* A former international cricketer from Bengal, for example, won’t have the voting rights at the Cricket Association of Bengal (CAB) if he/she is incorporated as a state association member. The CAB has only clubs and district associations as voting members. An ex-international cricketer from Maharashtra, however, will have voting rights at the Maharashtra Cricket Association, for the association allows individual members to vote.

* Former India left-arm spinner Dilip Doshi, for example, played first-class cricket for Bengal and Saurashtra. He now lives in England. Doshi, however, would be eligible to choose between the CAB and the Saurashtra Cricket Association (SCA) as far as his membership is concerned.

* Former India batsman and current Indian team assistant coach Sanjay Bangar, for example, played all his first-class cricket for Railways. But being a Mumbai resident, he would be eligible to have his membership with the Mumbai Cricket Association.

Some state associations had frowned on the ‘membership to former international players’ clause as they felt it might open another front with regard to voting at the Annual General Meeting and/or general body meetings. Mumbai, for example, has a big chunk of former international cricketers who, if united, could be the deciding factor in elections. The MCA, however, has clubs as voting members. But now that the CoA has clarified, the ex-cricketers there won’t have individual voting rights even if the association follows the Committee’s guidelines.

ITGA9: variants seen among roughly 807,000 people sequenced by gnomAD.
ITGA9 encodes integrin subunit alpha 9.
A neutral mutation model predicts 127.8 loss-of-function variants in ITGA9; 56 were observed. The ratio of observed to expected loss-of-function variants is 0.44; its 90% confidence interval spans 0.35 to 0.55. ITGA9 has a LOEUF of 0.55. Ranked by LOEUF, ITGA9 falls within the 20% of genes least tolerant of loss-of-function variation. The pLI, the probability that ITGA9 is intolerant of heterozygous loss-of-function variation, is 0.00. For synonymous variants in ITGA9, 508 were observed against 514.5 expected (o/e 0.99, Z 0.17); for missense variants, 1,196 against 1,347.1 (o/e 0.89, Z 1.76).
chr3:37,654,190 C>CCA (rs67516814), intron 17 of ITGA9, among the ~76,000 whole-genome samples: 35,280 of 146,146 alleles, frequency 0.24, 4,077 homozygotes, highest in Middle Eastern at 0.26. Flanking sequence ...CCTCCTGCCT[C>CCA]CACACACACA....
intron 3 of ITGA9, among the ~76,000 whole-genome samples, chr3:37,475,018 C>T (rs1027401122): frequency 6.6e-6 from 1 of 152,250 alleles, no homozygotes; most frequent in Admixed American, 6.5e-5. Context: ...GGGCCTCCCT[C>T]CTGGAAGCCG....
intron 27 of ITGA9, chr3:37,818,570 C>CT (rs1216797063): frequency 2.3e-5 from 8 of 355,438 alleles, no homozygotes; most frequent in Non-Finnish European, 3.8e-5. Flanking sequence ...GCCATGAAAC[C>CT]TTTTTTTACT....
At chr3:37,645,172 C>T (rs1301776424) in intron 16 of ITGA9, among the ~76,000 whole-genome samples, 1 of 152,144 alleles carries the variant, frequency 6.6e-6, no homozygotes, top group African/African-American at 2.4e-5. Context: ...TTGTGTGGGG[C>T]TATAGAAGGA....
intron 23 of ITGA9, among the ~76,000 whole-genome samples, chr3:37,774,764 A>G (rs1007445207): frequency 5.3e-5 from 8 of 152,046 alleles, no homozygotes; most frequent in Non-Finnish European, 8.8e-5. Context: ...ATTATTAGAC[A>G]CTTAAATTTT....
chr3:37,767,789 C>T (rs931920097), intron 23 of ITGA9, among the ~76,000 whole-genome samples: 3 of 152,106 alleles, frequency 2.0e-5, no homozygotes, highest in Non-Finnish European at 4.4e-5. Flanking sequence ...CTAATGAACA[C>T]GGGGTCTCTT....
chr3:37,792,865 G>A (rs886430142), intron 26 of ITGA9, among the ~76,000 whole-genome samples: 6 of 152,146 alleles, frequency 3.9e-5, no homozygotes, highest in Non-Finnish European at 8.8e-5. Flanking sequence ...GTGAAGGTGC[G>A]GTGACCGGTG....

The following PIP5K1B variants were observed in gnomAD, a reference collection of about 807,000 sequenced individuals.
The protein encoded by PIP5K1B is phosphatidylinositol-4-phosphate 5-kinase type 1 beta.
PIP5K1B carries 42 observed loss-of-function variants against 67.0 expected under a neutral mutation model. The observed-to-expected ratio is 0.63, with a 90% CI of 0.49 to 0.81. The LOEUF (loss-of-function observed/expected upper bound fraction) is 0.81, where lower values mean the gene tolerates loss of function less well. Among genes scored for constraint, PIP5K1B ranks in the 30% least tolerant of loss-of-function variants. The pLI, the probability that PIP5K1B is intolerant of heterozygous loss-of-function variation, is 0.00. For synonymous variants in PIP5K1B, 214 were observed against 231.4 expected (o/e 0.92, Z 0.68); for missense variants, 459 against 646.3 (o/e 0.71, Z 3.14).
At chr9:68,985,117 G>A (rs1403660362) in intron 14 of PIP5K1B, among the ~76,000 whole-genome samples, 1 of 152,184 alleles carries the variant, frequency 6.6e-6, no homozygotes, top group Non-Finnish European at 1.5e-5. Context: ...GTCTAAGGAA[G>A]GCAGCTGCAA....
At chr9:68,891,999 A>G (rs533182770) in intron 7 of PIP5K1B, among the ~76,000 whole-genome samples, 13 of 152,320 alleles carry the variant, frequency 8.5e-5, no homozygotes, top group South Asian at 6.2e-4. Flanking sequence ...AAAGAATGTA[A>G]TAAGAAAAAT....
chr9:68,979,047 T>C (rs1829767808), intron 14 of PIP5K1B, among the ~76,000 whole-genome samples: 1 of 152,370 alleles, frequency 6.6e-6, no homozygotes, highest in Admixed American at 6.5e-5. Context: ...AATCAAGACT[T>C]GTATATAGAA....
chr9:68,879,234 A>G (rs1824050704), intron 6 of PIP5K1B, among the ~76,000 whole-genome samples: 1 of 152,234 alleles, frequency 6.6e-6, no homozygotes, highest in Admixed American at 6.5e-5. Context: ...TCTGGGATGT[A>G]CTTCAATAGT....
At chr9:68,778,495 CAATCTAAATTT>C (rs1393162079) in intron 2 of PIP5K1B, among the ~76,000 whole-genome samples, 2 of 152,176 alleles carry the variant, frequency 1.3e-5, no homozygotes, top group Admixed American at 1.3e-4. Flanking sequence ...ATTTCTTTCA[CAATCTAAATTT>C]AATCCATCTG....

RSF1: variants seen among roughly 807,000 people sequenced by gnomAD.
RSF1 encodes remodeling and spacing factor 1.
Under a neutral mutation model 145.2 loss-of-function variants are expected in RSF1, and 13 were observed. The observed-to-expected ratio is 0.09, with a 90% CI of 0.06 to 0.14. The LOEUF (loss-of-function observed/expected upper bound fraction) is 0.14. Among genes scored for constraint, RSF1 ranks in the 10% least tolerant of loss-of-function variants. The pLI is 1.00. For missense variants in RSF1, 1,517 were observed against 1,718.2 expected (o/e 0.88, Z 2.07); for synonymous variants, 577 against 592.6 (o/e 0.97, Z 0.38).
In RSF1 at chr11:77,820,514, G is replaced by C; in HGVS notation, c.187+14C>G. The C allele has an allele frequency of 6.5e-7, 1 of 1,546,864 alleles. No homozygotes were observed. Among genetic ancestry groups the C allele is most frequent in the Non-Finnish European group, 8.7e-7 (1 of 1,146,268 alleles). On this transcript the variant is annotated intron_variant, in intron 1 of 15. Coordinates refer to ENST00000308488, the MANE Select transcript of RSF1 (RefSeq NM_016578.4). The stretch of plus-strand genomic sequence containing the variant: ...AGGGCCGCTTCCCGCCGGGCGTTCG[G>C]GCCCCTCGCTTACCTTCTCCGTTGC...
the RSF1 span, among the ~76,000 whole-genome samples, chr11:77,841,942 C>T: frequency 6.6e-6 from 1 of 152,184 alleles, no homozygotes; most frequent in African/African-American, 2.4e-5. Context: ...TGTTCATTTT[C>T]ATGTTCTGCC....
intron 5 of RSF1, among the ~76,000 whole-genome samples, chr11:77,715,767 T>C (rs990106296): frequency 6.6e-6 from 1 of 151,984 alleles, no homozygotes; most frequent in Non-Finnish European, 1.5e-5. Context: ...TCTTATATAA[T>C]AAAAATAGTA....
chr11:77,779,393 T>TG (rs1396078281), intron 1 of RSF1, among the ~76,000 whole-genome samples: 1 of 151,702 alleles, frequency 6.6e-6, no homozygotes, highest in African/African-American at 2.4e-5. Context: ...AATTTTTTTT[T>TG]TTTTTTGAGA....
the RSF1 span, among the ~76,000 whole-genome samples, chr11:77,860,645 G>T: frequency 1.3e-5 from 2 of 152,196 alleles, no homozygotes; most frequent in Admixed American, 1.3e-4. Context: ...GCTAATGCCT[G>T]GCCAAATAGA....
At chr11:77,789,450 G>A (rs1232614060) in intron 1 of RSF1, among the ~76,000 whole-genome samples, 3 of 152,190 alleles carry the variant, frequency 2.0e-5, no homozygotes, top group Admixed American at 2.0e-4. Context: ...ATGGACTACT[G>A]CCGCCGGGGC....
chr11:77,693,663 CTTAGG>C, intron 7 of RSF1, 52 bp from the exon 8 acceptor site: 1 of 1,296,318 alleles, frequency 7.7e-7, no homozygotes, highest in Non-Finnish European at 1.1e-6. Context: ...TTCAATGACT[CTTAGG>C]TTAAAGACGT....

Meanwhile, Maharashtra Cricket Association president Abhay Apte said they have already received applications for membership from some ex-international cricketers. “I think they (CoA) again will have to clarify what’s the definition of international players, as ODIs and T20s are not considered as first-class cricket. So is it solely former Test cricketers or former international players across formats? We have already adopted (the Lodha reforms). Today, we had a meeting where we have more or less finalised the (new constitution). And we will be going for the AGM sometime in the first week of April to get it approved. We have received some applications and when the process (of incorporating the new constitution) is done, those applications will be considered,” Apte told The Indian Express.

A senior BCCI functionary, however, said state associations would rather go by the Supreme Court judgment. “In its July 2016 judgment, the Supreme Court has very clearly held that state associations are free to associate with only those people that they wish to associate with,” he told this paper.

Proxy voting

The proposed embargo on proxy voting, if implemented, can hugely affect the course of elections in some state associations that are registered as companies and allow proxy voting. There are associations where influential people hold proxies for many clubs and/or affiliated units. If only the authorised persons are allowed to vote as per the CoA guideline, those proxies will go. “In some associations it can have a far-reaching effect,” said a state association member.